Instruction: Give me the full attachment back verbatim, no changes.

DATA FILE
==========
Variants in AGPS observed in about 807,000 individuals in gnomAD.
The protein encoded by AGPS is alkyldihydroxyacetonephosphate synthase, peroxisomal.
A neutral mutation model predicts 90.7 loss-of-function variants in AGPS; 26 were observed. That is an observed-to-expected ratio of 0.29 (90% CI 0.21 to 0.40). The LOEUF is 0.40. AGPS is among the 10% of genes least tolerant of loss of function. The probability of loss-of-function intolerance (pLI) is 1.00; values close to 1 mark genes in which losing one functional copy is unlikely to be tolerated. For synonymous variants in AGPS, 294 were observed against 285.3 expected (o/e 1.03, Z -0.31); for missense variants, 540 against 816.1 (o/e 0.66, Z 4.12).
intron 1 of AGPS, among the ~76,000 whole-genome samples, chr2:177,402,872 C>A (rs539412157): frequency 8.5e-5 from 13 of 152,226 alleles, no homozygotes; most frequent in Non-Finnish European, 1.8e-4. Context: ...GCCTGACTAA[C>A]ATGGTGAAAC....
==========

Variants in AGPS observed in about 807,000 individuals in gnomAD.
The protein encoded by AGPS is alkyldihydroxyacetonephosphate synthase, peroxisomal.
A neutral mutation model predicts 90.7 loss-of-function variants in AGPS; 26 were observed. That is an observed-to-expected ratio of 0.29 (90% CI 0.21 to 0.40). The LOEUF is 0.40. AGPS is among the 10% of genes least tolerant of loss of function. The probability of loss-of-function intolerance (pLI) is 1.00; values close to 1 mark genes in which losing one functional copy is unlikely to be tolerated. For synonymous variants in AGPS, 294 were observed against 285.3 expected (o/e 1.03, Z -0.31); for missense variants, 540 against 816.1 (o/e 0.66, Z 4.12).
intron 1 of AGPS, among the ~76,000 whole-genome samples, chr2:177,402,872 C>A (rs539412157): frequency 8.5e-5 from 13 of 152,226 alleles, no homozygotes; most frequent in Non-Finnish European, 1.8e-4. Context: ...GCCTGACTAA[C>A]ATGGTGAAAC....